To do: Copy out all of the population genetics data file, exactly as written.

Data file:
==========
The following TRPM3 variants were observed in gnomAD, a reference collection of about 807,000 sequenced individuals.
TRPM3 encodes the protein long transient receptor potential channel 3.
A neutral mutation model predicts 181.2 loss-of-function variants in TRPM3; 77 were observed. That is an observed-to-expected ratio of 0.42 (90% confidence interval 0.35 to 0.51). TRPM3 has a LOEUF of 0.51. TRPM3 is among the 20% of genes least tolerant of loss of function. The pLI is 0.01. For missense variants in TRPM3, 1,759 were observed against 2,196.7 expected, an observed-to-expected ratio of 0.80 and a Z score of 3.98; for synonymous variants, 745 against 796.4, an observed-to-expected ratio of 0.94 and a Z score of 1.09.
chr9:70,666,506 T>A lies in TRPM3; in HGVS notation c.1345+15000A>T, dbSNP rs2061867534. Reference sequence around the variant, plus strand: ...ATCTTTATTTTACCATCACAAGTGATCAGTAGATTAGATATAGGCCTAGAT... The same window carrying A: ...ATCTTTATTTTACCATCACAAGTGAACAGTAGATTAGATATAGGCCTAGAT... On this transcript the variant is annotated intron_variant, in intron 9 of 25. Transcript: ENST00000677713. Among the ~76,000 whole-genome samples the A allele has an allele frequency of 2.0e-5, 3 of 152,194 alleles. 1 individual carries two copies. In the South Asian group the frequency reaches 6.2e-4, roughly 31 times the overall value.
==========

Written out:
The following TRPM3 variants were observed in gnomAD, a reference collection of about 807,000 sequenced individuals.
TRPM3 encodes the protein long transient receptor potential channel 3.
A neutral mutation model predicts 181.2 loss-of-function variants in TRPM3; 77 were observed. That is an observed-to-expected ratio of 0.42 (90% confidence interval 0.35 to 0.51). TRPM3 has a LOEUF of 0.51. TRPM3 is among the 20% of genes least tolerant of loss of function. The pLI is 0.01. For missense variants in TRPM3, 1,759 were observed against 2,196.7 expected, an observed-to-expected ratio of 0.80 and a Z score of 3.98; for synonymous variants, 745 against 796.4, an observed-to-expected ratio of 0.94 and a Z score of 1.09.
chr9:70,666,506 T>A lies in TRPM3; in HGVS notation c.1345+15000A>T, dbSNP rs2061867534. Reference sequence around the variant, plus strand: ...ATCTTTATTTTACCATCACAAGTGATCAGTAGATTAGATATAGGCCTAGAT... The same window carrying A: ...ATCTTTATTTTACCATCACAAGTGAACAGTAGATTAGATATAGGCCTAGAT... On this transcript the variant is annotated intron_variant, in intron 9 of 25. Transcript: ENST00000677713. Among the ~76,000 whole-genome samples the A allele has an allele frequency of 2.0e-5, 3 of 152,194 alleles. 1 individual carries two copies. In the South Asian group the frequency reaches 6.2e-4, roughly 31 times the overall value.